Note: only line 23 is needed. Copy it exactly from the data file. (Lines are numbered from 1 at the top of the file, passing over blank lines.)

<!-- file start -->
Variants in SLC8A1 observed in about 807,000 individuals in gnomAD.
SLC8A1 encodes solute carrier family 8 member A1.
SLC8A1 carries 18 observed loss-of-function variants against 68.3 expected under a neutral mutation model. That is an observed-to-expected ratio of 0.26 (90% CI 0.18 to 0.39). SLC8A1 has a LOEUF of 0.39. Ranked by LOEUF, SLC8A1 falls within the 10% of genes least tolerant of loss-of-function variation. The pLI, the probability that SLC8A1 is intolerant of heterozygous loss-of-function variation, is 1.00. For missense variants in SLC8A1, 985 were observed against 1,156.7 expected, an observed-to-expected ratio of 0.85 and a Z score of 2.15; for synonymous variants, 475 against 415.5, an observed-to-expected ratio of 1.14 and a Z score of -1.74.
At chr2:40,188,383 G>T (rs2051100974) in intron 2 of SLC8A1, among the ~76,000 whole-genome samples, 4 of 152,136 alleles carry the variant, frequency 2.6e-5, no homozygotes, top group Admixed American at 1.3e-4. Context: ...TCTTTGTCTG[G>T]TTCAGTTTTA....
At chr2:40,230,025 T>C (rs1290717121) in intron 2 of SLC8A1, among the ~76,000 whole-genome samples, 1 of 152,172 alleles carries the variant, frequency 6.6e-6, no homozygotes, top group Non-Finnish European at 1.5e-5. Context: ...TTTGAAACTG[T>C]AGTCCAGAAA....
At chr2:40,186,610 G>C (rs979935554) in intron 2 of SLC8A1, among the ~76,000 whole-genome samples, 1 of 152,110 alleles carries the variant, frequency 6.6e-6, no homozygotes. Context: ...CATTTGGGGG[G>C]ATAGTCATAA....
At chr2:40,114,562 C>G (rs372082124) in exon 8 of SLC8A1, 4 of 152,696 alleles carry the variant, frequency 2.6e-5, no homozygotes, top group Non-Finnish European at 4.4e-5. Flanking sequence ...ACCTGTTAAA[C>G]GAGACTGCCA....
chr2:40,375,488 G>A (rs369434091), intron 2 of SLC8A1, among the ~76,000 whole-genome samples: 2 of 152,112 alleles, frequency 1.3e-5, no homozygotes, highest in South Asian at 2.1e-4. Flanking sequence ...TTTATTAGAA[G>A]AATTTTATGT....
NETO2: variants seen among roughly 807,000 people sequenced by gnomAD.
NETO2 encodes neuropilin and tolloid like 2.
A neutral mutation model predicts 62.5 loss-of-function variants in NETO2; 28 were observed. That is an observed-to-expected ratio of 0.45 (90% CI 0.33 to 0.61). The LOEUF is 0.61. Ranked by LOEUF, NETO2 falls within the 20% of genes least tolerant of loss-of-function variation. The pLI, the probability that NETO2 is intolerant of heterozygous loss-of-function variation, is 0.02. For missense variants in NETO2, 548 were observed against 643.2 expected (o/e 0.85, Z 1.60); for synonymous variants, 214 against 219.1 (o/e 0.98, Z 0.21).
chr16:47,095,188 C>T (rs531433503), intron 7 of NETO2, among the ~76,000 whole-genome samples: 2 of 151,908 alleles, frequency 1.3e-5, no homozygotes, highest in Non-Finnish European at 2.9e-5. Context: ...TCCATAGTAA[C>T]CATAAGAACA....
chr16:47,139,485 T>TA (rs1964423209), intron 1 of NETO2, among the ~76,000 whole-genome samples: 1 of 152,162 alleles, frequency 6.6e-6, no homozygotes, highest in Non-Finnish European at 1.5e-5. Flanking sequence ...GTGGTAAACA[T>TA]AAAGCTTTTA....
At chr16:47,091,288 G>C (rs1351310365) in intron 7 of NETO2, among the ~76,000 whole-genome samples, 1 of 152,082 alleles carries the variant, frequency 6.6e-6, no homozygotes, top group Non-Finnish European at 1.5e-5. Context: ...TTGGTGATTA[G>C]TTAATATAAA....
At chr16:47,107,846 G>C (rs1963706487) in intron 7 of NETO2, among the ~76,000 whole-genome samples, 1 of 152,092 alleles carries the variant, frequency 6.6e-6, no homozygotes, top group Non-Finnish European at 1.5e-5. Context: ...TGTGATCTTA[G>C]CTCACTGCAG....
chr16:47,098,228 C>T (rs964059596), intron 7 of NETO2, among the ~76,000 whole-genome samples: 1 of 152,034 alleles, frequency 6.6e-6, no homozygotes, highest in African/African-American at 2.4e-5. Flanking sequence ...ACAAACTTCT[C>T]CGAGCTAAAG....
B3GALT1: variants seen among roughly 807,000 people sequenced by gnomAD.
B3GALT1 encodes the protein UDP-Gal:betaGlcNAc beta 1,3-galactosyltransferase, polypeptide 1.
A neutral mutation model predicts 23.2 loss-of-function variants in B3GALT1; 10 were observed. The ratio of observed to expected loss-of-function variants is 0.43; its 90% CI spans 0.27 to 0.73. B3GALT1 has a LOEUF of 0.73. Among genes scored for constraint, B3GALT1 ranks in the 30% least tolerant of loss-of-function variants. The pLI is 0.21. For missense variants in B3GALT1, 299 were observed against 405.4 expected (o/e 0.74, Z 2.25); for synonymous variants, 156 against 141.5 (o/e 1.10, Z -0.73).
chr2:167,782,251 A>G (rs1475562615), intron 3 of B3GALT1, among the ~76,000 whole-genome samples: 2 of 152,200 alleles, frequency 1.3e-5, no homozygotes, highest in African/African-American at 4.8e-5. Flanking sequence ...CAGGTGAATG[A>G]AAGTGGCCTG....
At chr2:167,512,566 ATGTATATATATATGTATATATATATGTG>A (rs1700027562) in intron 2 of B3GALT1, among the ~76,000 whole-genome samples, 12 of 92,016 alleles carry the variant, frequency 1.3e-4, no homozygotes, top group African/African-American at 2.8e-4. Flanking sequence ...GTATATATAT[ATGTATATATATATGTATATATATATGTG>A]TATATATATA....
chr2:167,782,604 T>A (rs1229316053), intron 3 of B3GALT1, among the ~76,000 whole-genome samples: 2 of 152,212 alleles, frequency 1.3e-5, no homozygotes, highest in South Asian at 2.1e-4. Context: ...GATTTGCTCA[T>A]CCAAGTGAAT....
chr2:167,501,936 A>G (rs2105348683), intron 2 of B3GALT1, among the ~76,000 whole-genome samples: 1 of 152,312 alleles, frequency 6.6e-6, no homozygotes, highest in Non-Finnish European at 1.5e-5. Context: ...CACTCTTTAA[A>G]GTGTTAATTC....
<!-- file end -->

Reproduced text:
chr2:167,501,936 A>G (rs2105348683), intron 2 of B3GALT1, among the ~76,000 whole-genome samples: 1 of 152,312 alleles, frequency 6.6e-6, no homozygotes, highest in Non-Finnish European at 1.5e-5. Context: ...CACTCTTTAA[A>G]GTGTTAATTC....